Food & Drink » Appetite

Kimchi memories

Quini blends old- and new-style Korean treats

comment
Quini owner J.J. Song invites you to set a course for - adventure. Sort of like The Love Boat, except - tastier. - BRUCE ELLIOTT
  • Bruce Elliott
  • Quini owner J.J. Song invites you to set a course for adventure. Sort of like The Love Boat, except tastier.

As I made the trip from my office to Academy and Flintridge, I tried to recall the last time I had eaten Korean food. The more I thought about it, the less I believed the answer I kept coming to: not since I was a teenager. Excited about reconnecting with foods I had really loved, I was also a bit nervous. What would I remember? Had I ever eaten anything besides barbecued short ribs?

My destination was Quini, which opened just 11 weeks ago. Given the location and my past experience -- and probably a small dose of cultural essentializing -- I expected a to find a sparse hole-in-the-wall with a limited menu.

I immediately realized I'd learned another lesson in the pitfalls of prejudice. Quini owner J. J. Song has created a thoroughly hip environment and a variety of excellent dishes he describes as gourmet Korean cuisine that blends tradition with fusion.

With impressive vision, Song and a considerable group of helpers have done a remarkable job with a typical Colorado Springs strip-mall space. The walls are bathed in a pale orange-peach -- like a vanilla-heavy Creamsicle -- and the customarily hideous, acoustic-tiled drop ceiling has mercifully given way to exposed ducts painted a dark charcoal gray. All of this sets the stage for some very creative finishing touches. A tall chair rail of wood-framed, corrugated aluminum runs throughout the room, reflecting the light beaming down from abstract, plywood cutout chandeliers adorned with curly metal strips. The result is at once serene and stimulating.

Against this modern backdrop, Quini serves up some authentically traditional Korean food. In fact, "Quini" (pronounced "kwi-nee") is Korean for "meal," and it's hard to go wrong here.

Song grew up in Seoul, where his family has owned and operated restaurants for 30 years. After more than six years in Chicago, and with a family of his own, Song moved to Colorado Springs. When he decided to open his own restaurant, his mother flew out from Korea to spend six months schooling him on family recipes, including one for kimchi, a Korean staple made from fermented cabbage and flavored with hot chilies. The outcome is a formidable combination of classic and contemporary dishes.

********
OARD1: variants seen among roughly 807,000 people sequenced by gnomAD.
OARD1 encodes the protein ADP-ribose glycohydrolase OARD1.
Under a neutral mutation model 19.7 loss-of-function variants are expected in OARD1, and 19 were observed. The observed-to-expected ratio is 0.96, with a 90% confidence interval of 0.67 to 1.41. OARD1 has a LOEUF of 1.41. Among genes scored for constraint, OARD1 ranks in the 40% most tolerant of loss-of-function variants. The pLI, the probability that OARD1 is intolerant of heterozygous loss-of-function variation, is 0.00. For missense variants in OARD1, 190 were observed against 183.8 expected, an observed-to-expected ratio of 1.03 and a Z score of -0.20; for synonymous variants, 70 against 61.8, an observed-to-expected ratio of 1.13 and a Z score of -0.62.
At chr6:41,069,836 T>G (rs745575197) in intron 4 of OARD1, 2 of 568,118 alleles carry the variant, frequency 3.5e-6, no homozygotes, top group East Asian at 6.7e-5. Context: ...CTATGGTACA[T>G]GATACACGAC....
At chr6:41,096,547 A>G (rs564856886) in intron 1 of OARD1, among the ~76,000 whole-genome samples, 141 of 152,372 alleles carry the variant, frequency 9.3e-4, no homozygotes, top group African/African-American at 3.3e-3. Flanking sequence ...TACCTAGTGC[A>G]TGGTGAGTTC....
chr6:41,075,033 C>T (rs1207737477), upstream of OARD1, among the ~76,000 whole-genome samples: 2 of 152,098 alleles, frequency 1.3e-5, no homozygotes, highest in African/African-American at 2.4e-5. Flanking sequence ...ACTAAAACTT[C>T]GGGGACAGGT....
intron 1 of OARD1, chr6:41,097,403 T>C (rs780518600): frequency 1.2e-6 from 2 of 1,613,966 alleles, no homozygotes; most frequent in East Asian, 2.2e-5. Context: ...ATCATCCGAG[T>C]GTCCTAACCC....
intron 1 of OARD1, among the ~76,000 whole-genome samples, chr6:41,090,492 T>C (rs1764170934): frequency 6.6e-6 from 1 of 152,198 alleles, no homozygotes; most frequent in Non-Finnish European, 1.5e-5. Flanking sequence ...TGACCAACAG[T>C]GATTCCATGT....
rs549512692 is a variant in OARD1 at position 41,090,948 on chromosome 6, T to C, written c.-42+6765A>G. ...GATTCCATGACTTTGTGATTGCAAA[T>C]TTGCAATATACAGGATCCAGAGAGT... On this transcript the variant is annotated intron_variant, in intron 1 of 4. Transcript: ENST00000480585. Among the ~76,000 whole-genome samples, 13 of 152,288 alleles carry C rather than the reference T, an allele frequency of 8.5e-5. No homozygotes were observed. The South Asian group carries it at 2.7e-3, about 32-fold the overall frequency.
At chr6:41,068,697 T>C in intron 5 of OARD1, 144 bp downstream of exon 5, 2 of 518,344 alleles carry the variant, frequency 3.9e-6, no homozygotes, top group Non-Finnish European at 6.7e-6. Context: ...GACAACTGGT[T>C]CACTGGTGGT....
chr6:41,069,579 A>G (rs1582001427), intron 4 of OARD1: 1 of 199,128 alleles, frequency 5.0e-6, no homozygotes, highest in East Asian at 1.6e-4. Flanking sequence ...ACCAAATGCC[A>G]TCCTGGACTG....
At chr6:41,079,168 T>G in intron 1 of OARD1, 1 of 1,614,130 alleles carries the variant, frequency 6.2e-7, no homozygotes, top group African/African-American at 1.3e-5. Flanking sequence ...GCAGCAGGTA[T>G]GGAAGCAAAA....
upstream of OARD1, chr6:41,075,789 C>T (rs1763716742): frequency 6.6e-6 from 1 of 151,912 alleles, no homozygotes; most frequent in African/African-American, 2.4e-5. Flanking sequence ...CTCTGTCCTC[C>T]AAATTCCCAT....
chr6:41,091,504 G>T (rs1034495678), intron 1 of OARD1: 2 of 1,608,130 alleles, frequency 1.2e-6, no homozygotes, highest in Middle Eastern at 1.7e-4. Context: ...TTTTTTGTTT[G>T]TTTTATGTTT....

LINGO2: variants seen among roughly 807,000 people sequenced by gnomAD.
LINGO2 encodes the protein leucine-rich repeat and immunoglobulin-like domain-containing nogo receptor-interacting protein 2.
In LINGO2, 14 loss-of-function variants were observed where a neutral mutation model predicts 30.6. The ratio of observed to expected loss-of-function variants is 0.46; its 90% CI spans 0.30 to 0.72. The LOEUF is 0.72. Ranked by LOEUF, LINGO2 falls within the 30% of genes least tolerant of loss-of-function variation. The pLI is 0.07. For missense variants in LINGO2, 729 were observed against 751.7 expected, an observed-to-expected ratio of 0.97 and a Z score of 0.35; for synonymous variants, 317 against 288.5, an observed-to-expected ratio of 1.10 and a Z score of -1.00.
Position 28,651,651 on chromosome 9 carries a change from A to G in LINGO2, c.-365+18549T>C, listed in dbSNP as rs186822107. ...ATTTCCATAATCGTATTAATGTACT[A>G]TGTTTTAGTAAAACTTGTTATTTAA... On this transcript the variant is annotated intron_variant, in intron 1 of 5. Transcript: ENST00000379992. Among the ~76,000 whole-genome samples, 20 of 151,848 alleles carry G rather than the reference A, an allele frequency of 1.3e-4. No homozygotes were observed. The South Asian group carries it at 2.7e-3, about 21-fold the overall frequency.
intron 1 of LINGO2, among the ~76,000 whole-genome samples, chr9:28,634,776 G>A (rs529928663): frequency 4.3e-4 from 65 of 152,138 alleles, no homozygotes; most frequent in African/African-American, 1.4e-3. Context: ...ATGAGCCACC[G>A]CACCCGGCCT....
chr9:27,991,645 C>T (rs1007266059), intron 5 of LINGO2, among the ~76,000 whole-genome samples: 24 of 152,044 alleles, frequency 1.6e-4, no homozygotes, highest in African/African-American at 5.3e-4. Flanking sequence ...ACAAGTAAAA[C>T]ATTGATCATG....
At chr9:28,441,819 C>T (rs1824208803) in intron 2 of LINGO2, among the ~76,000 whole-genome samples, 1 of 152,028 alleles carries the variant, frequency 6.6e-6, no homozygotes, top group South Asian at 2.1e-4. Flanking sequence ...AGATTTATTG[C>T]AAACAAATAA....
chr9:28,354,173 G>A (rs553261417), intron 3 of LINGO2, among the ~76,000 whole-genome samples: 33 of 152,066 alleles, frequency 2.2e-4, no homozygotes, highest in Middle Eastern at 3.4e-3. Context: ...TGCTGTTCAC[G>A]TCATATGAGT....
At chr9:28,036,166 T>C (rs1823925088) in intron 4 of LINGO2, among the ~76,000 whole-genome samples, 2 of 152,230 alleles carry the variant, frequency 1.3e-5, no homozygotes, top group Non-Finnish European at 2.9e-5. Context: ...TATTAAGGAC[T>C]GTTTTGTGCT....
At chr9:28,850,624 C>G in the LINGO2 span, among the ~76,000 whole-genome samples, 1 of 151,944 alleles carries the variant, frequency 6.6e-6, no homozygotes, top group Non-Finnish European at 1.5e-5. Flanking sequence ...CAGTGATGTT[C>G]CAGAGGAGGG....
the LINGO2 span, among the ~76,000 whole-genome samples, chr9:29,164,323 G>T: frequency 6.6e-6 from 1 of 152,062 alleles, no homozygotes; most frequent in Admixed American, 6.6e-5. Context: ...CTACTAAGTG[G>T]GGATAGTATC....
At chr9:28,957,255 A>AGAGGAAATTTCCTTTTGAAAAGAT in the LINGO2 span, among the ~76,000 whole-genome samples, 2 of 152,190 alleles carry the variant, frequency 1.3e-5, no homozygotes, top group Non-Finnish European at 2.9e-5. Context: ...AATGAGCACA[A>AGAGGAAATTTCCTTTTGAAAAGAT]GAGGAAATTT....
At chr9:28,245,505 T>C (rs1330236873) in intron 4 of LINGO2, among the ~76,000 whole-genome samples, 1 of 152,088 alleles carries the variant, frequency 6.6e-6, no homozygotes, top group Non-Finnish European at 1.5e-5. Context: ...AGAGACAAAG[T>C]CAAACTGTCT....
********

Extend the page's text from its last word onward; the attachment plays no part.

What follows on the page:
When I asked Song about one plate that seemed particularly interesting, he replied that it was "too ethnic" -- a notion I normally reject. He noted that aside from the dish's considerable heat, it incorporated cow stomach, at which point I conceded, deciding to hold off until a later visit.

Fear not, though. Many less-intimidating offerings await. Taking Song's advice, my dining companion and I took a more novice approach to familiarizing ourselves with Quini's menu. We started with Kim Bab, a roll stuffed with rice and wrapped in dried seaweed. Close to a sushi roll in appearance, it's quite different in flavor and construction, with less rice and a well-blended filling of tofu and vegetables like kanpyo, a carrotlike plant with a sweet flavor and nice crunch. The rice isn't overwhelming and its bite size is enjoyable.

Next we sampled Galbi Kimchi Jjigae, a hearty stew. Big pieces of Quini's family kimchi recipe and slices of braised short rib float in a bright red broth built from beef-bone stock. The added heat from the kimchi and other ingredients produce a profound flavor that defies further description.

Entrees are equally provocative and delicious. We sampled through the grilled items, trying sweet and smoky short ribs (Galbi), spicy pork and chicken, and savory marinated barbecued beef (Bulgoki). Each was expertly prepared, delightfully moist and decidedly tasty. We couldn't decide which we liked best, and our fingers flew from plate to plate, rotating between the choices.

Portions are ample and include a dizzying array of side dishes and condiments like small fried fish cakes, a dried squid salad and an out-of-this-world pile of slightly pickled daikon strands. The julienned strips and delicate texture of the Korean Potato Salad caught us by surprise. Joining the fray was Song's tart and spicy kimchi, a flavorful treat.

J. J. Song and his Quini staff are surely doing Song's mother proud. Quini does just about everything right, creating an inviting dining area, offering a dynamic menu and attending to all the details in a way that makes you feel important.

-- David Torres-Rouff

capsule

Quini

4703 N. Academy Blvd.

266- 9944

Hours: Monday-Saturday, 11 a.m. to 9 p.m.; Sunday, 5- 9 p.m.

Add a comment

Clicky Quantcast